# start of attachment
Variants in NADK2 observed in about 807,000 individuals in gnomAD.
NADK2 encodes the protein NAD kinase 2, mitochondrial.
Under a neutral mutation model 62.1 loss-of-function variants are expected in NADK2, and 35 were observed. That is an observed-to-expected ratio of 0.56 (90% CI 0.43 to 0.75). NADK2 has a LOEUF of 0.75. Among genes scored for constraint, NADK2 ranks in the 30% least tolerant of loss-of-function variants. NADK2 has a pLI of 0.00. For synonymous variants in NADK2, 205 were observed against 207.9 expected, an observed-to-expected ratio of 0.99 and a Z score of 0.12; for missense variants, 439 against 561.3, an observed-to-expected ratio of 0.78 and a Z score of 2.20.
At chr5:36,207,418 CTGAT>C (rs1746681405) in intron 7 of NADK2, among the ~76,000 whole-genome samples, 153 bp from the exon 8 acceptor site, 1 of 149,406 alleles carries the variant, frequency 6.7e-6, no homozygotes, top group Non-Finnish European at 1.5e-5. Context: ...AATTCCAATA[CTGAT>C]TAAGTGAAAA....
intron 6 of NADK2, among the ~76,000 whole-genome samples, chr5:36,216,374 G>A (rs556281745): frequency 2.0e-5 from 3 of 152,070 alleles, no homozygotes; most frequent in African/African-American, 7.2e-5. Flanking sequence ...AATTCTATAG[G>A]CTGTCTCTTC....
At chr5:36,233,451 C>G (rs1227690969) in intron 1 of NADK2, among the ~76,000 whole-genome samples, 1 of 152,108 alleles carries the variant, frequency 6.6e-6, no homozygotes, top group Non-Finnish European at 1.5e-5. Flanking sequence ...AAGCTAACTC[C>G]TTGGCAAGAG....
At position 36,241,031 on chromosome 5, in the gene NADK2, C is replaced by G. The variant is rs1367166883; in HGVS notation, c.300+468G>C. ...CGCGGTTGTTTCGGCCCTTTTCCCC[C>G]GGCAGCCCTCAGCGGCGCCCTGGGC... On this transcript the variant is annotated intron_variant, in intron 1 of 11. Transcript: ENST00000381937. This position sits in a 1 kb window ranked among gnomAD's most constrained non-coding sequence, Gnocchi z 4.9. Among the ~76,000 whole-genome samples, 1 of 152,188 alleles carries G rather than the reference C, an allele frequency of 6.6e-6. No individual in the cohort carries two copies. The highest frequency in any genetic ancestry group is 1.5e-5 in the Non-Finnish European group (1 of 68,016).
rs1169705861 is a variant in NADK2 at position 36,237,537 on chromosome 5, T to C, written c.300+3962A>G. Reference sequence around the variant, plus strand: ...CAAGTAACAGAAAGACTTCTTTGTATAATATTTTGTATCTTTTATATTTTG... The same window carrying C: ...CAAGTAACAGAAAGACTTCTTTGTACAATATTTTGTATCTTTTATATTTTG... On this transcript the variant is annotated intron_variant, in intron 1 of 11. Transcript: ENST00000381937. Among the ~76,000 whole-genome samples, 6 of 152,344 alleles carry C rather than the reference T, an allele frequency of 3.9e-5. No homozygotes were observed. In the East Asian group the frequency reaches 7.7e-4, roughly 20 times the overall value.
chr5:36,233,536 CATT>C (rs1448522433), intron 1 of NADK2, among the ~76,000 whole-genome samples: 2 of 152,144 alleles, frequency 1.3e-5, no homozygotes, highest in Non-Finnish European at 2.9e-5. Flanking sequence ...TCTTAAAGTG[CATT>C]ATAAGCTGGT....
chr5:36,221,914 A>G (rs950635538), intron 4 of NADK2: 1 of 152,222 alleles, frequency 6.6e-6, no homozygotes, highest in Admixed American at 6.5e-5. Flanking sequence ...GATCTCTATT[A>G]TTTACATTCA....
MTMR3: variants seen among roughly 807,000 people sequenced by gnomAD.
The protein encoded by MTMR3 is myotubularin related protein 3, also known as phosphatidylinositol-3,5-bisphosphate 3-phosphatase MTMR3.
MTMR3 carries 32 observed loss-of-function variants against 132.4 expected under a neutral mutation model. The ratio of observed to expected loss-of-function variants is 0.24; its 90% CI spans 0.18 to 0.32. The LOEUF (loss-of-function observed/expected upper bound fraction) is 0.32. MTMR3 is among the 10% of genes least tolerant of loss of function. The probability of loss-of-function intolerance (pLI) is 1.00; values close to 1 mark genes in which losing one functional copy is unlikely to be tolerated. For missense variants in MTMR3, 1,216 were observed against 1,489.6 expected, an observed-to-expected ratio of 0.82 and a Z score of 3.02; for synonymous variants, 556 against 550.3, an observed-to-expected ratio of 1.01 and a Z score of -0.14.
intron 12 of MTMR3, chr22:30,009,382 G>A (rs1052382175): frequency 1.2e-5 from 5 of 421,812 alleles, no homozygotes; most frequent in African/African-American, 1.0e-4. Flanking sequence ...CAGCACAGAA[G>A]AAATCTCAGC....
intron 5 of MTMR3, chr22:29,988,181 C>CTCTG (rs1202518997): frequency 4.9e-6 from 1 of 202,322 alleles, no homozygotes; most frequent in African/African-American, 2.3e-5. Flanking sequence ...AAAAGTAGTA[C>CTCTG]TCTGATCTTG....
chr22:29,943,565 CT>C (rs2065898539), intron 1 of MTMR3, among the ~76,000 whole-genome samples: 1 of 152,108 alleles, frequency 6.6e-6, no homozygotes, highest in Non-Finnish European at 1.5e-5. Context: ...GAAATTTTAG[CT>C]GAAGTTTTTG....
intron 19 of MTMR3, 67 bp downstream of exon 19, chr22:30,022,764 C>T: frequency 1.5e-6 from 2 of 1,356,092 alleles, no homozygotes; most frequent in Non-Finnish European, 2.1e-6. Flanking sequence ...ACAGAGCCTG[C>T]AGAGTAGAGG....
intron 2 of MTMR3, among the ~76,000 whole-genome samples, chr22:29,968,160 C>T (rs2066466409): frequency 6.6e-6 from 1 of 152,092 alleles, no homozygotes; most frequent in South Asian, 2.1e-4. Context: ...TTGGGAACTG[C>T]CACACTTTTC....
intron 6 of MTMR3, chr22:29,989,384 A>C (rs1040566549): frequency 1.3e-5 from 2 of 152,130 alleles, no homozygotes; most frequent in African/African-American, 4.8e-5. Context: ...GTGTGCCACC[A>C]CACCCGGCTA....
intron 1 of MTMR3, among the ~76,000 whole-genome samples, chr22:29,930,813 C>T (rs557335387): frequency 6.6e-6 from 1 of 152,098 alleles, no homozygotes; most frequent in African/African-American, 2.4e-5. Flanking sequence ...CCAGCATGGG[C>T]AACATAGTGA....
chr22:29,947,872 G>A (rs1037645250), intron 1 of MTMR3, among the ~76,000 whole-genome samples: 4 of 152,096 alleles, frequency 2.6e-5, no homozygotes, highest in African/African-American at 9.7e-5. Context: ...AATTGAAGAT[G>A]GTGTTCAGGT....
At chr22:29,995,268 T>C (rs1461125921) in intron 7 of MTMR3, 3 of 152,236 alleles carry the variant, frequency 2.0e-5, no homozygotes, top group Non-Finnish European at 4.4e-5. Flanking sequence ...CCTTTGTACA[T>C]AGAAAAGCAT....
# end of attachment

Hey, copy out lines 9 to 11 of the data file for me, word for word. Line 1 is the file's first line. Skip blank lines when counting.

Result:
chr5:36,233,536 CATT>C (rs1448522433), intron 1 of NADK2, among the ~76,000 whole-genome samples: 2 of 152,144 alleles, frequency 1.3e-5, no homozygotes, highest in Non-Finnish European at 2.9e-5. Flanking sequence ...TCTTAAAGTG[CATT>C]ATAAGCTGGT....
chr5:36,221,914 A>G (rs950635538), intron 4 of NADK2: 1 of 152,222 alleles, frequency 6.6e-6, no homozygotes, highest in Admixed American at 6.5e-5. Flanking sequence ...GATCTCTATT[A>G]TTTACATTCA....
MTMR3: variants seen among roughly 807,000 people sequenced by gnomAD.